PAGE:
Prosecutor Freeman continually claims he is trying to best serve the citizens of Hennepin County by prosecuting McDonald, but I think race and gender are most definitely a factor in his decision to prosecute her, even if not actively. If Schmitz had attacked a cisgender white woman, her self-defense claims would likely go unchallenged, or at the very least, would have been taken more seriously. People of color, transgender people and queer people are incarcerated at astronomical rates, especially when those identities intersect, as in the case of McDonald.

McDonald is not the only queer person of color who has been locked up for defending themselves. In the case of the New Jersey 4, a man sexually propositioned a black lesbian woman among a group of seven black lesbians. After refusing to take no for an answer, he assaulted them and a fight broke out. Four of the women were charged with felony gang assault in the second degree, with one of them additionally charged with first degree assault, receiving sentences ranging from 3.5 to 11 years in prison. New York media outlets had a field day tearing these women apart when they were on trial, calling them things like “killer lesbians,” “a wolf pack of lesbians,” and a “seething sapphic septet,” portraying people of color as animals.

While McDonald’s case has received a substantial amount of attention (and not enough, frankly), there are more cases that most people probably don’t know about. There has been no public outcry by HRC. (Seriously, how can an organization bill itself as the Human Rights Campaign and not address McDonald’s case at all?) The National Gay and Lesbian Task Force signed on to a list of 35 organizations supporting McDonald, but I can only find their support listed on other websites with nothing directly from the Task Force. Yet I keep getting emails from these organizations regarding marriage equality and other stuff I don’t think is nearly as important.

Really, the only organizations from which I’ve noticed unbridled support for McDonald are TYSN and the National Center for Transgender Equality.

And it’s because McDonald’s case and so many others involve gender-variant people of color who have been criminalized and the white gay establishment can’t be bothered to care or is too afraid to touch them. These cases may somehow tarnish the whitewashed, assimiliationist gay crusade for equality, especially marriage equality, and they just can’t have that.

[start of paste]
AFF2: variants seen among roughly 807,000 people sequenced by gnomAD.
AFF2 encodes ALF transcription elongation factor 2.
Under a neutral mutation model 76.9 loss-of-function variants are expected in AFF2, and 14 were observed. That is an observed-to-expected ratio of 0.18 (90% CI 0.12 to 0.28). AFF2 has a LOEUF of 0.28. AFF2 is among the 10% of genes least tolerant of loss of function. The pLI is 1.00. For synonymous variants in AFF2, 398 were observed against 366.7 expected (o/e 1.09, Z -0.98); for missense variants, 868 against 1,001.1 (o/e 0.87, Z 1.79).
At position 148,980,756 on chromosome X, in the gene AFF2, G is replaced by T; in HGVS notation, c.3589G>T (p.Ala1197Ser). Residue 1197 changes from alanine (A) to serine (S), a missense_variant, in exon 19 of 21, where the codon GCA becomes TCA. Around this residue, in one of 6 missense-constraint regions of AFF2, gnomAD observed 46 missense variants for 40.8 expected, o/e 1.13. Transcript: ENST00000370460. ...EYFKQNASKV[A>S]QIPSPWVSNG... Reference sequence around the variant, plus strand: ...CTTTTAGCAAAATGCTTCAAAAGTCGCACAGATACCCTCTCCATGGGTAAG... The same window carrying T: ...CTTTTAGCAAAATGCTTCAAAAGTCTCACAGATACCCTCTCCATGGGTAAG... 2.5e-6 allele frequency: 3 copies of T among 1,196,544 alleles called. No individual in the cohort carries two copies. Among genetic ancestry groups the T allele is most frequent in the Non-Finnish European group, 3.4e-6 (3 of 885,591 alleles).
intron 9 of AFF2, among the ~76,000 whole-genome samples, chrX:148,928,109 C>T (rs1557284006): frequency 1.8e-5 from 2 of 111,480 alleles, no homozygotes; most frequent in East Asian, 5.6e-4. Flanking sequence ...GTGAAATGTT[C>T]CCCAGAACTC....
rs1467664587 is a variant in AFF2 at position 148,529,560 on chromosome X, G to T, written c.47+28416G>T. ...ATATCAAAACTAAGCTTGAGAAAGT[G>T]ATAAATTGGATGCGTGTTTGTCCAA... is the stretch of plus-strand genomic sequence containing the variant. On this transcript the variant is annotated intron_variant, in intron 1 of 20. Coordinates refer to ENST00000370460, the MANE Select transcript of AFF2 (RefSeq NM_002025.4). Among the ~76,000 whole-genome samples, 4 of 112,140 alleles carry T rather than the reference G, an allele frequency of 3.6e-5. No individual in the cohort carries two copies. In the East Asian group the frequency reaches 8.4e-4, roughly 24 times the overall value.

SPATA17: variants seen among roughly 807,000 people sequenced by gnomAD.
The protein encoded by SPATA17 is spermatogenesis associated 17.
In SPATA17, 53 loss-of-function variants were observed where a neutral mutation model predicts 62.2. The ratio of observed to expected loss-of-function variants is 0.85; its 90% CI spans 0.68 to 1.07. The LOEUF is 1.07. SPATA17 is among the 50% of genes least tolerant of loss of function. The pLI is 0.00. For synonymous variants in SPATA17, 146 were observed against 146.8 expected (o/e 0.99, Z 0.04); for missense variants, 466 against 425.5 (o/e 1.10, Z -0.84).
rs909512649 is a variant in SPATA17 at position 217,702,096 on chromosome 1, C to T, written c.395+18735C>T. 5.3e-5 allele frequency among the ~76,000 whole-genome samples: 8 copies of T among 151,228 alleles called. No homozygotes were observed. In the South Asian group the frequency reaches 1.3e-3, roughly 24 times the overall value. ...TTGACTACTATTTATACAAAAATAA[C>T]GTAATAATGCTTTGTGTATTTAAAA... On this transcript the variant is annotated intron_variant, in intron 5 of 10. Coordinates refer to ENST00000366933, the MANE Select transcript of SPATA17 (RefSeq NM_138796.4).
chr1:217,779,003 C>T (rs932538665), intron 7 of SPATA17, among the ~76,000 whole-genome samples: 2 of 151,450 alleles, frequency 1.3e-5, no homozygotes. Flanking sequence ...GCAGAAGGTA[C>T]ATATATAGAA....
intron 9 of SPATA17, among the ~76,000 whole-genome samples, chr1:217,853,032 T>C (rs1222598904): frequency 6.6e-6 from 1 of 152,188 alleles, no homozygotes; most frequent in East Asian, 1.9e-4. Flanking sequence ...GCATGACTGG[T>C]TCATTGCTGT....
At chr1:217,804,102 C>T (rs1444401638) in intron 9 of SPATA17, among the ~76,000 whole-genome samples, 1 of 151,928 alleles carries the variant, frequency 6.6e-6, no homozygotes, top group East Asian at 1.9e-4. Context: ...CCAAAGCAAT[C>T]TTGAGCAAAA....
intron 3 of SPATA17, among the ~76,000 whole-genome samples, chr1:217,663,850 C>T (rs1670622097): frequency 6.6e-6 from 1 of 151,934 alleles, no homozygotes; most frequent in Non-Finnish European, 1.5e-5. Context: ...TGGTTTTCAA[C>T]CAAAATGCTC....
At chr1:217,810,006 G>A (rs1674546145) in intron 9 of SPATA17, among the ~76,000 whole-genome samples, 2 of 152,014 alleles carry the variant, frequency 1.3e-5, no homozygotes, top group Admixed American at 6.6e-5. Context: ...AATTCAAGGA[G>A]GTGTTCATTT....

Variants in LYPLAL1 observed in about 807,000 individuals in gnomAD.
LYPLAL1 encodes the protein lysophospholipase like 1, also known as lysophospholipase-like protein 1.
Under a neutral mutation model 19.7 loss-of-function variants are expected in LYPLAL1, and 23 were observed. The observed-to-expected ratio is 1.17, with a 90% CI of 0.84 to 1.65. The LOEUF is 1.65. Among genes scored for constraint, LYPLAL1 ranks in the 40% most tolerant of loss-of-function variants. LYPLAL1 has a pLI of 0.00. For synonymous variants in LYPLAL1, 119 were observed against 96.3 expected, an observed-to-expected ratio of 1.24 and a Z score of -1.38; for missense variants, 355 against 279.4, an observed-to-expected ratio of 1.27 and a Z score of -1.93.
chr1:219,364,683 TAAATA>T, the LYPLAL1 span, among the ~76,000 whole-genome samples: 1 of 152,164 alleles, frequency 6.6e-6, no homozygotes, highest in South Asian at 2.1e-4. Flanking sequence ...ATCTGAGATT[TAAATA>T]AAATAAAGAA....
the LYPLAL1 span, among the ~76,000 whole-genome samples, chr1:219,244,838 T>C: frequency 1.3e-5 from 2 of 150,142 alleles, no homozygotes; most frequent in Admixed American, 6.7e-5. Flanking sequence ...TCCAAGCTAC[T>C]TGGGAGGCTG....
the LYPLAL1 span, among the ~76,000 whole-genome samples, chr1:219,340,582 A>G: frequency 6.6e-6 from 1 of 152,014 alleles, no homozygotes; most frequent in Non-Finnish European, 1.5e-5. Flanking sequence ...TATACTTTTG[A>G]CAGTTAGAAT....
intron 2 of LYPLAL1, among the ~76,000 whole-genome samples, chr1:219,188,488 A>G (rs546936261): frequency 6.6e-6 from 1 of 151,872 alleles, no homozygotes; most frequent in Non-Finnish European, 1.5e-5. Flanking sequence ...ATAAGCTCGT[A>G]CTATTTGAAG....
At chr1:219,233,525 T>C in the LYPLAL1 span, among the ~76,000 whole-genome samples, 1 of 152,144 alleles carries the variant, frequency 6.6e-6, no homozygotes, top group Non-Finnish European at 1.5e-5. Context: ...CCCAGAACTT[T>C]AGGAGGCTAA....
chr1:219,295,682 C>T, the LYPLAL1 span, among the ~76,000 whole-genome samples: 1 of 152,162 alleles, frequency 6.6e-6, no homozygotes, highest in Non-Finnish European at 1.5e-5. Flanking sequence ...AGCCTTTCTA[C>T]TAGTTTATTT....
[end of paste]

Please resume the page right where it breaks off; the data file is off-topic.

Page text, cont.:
Supporting McDonald

One way you can support McDonald during her imprisonment is by writing her letters of support. Please send letters to:

Public Safety Facility
Chrishaun Reed McDonald #2012000296
401 South 4th Avenue
Suite 100
Minneapolis, MN 55415

NOTE: This address is valid until McDonald’s sentencing June 4. Please visit the Support CeCe website for updates on her address.

Inmates are not allowed to receive packages, including photographs. All letters sent to the jail are opened, read and inspected by jail staff.

McDonald can also receive books, newspaper and magazine subscriptions. All books need to be new paperback copies sent directly from a publisher or an online bookstore. Please keep her interests in mind when sending her reading materials, which include drawing, music, fashion, dance and pop culture. Please email mpls4cece@gmail.com if you send her a book or magazine to avoid sending duplicates.

Click here for more ideas on how to support McDonald.

UPDATE: Supporters of CeCe McDonald are urging people to write to her judge to ask him to sentence her to house arrest in lieu of prison.

About these ads

4 thoughts on “Updates on the CeCe McDonald case

  1. One correction. Queers for Economic Justice has vocally, unequivocally, and completely supported the movement to free CeCe as has Black and Pink, a queer/trans prison abolishment organization. Streetwise and Safe. The Audre Lorde Project. The Sylvia River Law Project. All have actively and vociferously supported CeCe. Thanks for the personal shout out!

  2. Pingback: Updates on the CeCe McDonald Case « In Our Words

  3. Pingback: » I understand about the scissors. Everything I do is SO fucking amazing that sparks are going to shoot out of your eyes.

What do you think?

Fill in your details below or click an icon to log in:

WordPress.com Logo

You are commenting using your WordPress.com account. Log Out / Change )

Twitter picture

You are commenting using your Twitter account. Log Out / Change )

Facebook photo

You are commenting using your Facebook account. Log Out / Change )

Google+ photo

You are commenting using your Google+ account. Log Out / Change )

Connecting to %s